The Rev. Louis Coleman, head of the activist group, in a letter faxed to Floyd County Superintendent Paul Fanning yesterday, said surrounding Allen Central High School’s all-white student body with Confederate symbols will not prepare the teens to enter “a diverse society where these symbols have already been eliminated.”

Allen Central students have staunchly defended their Confederate emblems, saying they symbolize nothing more than strength, independence and pride.

NEW YORK

States sue EPA over soot levels

ALBANY — More than a dozen states sued the U.S. Environmental Protection Agency yesterday to lower soot levels from smokestacks and exhaust pipes, a move the state officials argue would save thousands of lives.

The states argue that the Bush administration is ignoring science and its own experts in refusing to slightly reduce the allowed threshold for soot. The “fine particulate matter” in soot contributes to premature death, chronic respiratory disease and asthma attacks, said New York Attorney General Eliot Spitzer.

The pollution also leads to more hospital admissions and other public health costs, he said.

Officials from California, Connecticut, Delaware, Illinois, Maine, New Hampshire, New Jersey, New Mexico, Oregon, Pennsylvania, Rhode Island, Vermont and the District of Columbia joined New York in the action filed in the U.S. Court of Appeals in Washington.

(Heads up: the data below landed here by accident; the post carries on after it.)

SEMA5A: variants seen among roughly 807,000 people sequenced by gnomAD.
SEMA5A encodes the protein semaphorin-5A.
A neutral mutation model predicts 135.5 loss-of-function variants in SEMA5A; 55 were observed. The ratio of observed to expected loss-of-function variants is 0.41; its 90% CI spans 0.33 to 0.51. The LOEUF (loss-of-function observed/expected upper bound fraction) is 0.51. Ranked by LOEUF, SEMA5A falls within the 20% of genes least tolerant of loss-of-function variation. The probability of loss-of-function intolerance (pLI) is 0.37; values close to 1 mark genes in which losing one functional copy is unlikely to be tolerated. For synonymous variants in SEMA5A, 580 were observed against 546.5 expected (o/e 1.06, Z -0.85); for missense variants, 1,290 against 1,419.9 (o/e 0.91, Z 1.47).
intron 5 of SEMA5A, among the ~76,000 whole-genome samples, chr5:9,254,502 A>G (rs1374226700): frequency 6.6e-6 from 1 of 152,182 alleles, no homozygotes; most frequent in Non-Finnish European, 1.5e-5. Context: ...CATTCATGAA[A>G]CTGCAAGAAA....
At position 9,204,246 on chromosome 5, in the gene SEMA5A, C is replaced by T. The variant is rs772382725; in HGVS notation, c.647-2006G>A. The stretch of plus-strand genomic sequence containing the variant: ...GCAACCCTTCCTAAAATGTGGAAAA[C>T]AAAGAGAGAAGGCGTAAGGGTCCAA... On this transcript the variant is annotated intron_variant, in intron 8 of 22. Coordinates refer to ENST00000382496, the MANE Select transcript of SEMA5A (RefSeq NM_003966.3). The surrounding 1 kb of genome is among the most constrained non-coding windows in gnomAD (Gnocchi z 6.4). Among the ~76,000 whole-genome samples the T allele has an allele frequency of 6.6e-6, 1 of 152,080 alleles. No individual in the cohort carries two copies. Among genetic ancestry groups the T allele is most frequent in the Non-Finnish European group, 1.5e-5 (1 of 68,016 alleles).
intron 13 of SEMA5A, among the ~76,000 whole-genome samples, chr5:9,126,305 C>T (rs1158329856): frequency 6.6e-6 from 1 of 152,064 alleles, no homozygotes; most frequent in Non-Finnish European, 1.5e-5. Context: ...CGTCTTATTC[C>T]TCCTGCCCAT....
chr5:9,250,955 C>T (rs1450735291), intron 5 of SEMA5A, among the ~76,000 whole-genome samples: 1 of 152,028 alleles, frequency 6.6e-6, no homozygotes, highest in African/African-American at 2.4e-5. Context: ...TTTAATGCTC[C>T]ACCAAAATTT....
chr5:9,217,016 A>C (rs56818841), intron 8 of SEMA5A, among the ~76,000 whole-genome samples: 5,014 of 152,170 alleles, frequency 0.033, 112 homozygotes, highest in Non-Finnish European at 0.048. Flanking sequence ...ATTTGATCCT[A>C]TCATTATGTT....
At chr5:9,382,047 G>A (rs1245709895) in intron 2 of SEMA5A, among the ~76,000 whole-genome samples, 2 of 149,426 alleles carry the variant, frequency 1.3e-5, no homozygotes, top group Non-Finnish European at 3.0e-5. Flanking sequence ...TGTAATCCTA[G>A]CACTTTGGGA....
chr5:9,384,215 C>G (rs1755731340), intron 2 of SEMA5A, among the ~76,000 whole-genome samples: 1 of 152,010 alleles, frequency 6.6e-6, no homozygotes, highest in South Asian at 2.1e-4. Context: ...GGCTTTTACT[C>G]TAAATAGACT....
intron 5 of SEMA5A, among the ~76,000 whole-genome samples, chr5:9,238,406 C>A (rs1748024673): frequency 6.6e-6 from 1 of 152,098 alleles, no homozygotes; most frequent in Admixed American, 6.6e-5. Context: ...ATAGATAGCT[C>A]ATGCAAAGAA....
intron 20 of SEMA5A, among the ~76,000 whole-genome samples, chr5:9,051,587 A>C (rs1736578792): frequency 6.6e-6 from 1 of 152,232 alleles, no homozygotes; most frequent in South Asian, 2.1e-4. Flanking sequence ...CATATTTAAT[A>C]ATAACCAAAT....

TEXAS

Spacewalkers fix jammed panel

HOUSTON — Two spacewalking astronauts finished folding up a stubborn, accordionlike solar array yesterday, resolving the only complication in Space Shuttle Discovery’s otherwise smooth mission to the International Space Station.

Shuttle astronauts Robert Curbeam and Christer Fuglesang managed to get the last section of the 115-foot array folded into a box about five hours into the 6-hour spacewalk. It was the fourth venture outside for Discovery’s astronauts during their visit to the orbiting outpost.

Workers in Mission Control applauded when the final section fell into the box. But astronaut Curbeam radioed back that a wire was still loose. About 30 minutes later, he managed to get it rolled up and the box latched.

WASHINGTON

Death toll raises in Northwest storms

SEATTLE — The death toll from the Northwest’s worst windstorm in more than a decade climbed to 10 yesterday, while nearly a quarter-million homes and businesses remained without power in hard-hit western Washington.

At least 100 persons have developed symptoms of carbon monoxide poisoning blamed on the use of portable generators and charcoal grills used for light and heat during the blackout. Two of them were among Washington’s eight deaths.

Two other deaths in Oregon were blamed on the storm that struck Thursday.

Wind gusted to 113 mph during the storm near Mount Rainier and to a record 69 mph at Seattle-Tacoma International Airport. More than 1.5 million homes and businesses across the Northwest lost electricity at some point in the storm.

On Sunday, a man and his dog were fatally shocked when they stepped on a fallen power line while out for a walk in Gig Harbor, Pierce County Sheriff’s Detective Ed Troyer said.

He said residents had been clearing debris near the power line for days, unaware that it was live.

From wire dispatches and staff reports